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Lawmakers Urged to Consider Children While Debating Health Care

Advocates hope GOP lawmakers think about who will be impacted before making another attempt to gut the Affordable Care Act. (Victoria Jordan)
Advocates hope GOP lawmakers think about who will be impacted before making another attempt to gut the Affordable Care Act. (Victoria Jordan)
July 31, 2017

ST. PAUL, Minn. – Many people who would be hit hardest by cuts to Medicaid worry that their children will suffer if the Affordable Care Act is repealed as promised by President Donald Trump and Republican Party lawmakers, even though that plan failed last week.

Lisa Hoffman Wojcik, development and communications manager at Open Door Health Center in Mankato, is a mother of a son with specialized needs. She says lawmakers who are making decisions about people's health care might not realize how much of an emotional and financial impact an unexpected illness has on American families.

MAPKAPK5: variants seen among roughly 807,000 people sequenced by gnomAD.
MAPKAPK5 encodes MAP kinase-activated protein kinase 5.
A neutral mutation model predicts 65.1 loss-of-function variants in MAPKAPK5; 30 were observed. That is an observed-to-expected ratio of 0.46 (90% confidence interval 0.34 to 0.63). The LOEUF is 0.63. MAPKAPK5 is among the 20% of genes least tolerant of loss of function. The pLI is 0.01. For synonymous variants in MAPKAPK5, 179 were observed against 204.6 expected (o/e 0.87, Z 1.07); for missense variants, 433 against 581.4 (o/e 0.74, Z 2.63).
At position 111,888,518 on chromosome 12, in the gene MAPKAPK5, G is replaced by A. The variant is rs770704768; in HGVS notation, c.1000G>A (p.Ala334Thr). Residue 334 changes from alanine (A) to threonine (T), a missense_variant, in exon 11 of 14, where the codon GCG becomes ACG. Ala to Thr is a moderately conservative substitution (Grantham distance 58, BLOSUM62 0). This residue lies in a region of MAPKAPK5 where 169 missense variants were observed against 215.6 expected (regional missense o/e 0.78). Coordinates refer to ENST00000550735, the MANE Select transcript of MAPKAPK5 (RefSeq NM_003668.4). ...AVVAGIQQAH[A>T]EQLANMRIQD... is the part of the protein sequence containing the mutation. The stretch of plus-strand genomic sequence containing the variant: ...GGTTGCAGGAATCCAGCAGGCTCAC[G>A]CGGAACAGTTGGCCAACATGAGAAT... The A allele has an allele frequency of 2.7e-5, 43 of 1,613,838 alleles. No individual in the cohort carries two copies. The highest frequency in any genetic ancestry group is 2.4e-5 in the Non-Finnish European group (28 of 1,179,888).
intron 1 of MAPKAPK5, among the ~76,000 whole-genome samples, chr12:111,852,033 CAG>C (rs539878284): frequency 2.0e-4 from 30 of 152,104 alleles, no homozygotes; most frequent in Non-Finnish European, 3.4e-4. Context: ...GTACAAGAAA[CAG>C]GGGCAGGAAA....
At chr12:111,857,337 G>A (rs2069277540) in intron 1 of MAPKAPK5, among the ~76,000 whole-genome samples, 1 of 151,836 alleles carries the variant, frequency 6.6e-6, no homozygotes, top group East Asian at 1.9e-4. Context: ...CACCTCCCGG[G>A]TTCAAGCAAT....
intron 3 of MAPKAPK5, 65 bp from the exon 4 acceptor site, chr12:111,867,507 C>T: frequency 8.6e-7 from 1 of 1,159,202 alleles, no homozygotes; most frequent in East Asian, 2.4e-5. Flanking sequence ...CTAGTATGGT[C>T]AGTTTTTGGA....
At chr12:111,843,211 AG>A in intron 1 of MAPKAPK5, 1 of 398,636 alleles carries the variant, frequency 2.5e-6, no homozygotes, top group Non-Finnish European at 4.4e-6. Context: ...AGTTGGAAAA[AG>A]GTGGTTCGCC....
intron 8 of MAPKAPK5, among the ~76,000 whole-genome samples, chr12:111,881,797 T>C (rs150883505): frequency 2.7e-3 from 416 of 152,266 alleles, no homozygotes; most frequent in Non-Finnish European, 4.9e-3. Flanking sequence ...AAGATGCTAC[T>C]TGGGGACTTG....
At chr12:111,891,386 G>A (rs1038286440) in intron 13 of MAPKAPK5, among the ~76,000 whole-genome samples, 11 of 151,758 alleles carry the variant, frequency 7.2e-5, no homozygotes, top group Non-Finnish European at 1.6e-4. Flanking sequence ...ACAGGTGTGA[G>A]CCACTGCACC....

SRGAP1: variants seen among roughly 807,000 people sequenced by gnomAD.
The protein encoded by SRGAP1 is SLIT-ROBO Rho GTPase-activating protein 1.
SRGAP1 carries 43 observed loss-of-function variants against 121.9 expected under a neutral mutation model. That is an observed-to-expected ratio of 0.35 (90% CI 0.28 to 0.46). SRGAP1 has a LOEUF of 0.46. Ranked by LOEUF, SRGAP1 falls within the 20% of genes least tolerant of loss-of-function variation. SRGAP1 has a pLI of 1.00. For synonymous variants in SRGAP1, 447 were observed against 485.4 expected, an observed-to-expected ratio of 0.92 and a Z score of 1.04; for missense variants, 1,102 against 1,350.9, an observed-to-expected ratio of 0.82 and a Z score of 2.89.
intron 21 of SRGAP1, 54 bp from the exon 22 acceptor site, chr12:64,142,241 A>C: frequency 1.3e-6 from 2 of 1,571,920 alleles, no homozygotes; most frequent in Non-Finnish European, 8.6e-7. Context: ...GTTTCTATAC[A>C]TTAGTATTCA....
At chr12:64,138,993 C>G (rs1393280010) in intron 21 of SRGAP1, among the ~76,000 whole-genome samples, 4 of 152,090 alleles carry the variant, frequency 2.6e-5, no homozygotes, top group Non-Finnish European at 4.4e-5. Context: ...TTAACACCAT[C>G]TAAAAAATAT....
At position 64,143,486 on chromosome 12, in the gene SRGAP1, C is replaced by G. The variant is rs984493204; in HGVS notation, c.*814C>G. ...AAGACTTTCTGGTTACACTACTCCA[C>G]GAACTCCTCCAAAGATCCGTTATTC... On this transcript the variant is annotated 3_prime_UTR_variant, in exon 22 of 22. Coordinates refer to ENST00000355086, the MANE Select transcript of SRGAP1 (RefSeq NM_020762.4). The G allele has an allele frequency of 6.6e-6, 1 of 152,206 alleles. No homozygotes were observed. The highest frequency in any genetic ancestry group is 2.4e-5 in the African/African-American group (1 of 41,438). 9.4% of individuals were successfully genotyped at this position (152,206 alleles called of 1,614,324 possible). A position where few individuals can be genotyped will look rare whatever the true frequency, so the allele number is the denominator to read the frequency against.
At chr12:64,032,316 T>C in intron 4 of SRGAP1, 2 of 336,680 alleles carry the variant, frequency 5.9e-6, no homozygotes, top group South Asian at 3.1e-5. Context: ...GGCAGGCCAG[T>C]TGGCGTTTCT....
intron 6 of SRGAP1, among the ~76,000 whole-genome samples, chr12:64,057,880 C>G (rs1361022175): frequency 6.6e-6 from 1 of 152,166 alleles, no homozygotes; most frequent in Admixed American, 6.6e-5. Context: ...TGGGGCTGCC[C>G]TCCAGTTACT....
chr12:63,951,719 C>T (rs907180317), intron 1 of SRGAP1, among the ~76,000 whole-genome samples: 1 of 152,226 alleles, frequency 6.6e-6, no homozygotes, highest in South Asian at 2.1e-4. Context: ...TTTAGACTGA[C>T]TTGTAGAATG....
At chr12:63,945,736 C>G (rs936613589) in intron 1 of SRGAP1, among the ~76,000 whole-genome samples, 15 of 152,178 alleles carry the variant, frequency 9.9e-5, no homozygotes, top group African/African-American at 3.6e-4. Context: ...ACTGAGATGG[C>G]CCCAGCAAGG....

Her son is a teenager, and she worries that he won't be able to afford the medical care he needs once he's older and no longer covered by the family insurance plan.

"He has a number of congenital conditions that he will need care for his entire life,” she states. “At this moment, other than his primary pediatrician, we see six specialists on a regular basis at least once or twice a year."

Trump has vowed to repeal the Affordable Care Act, which Hoffman Wojcik says provides needed benefits for her family.

Lee Ann Erickson is executive director of the ARC Minnesota Southwest, and also the mother of two children with disabilities. She says she and her husband had insurance when her first son Ted was diagnosed with developmental disabilities, but then got kicked off the plan.

"We got terminated just like that for no good reason,” she relates. “And we have always had more difficulty finding insurance that would cover. "

Erickson says provisions in the Affordable Care Act wouldn't have allowed her son to be denied insurance based on his diagnosis.

Hoffman Wojcik says many people believe those who rely on Medicaid are not being productive members of society.

"For many of our patients, they're working and they're working sometimes multiple jobs,” she states. “They just don't have access to benefits.

“You get into this situation where it's difficult for them to even get off of work to have an appointment during their work schedule."

Sunday marked the 52nd year that Medicaid has been around.


Veronica Carter, Public News Service - MN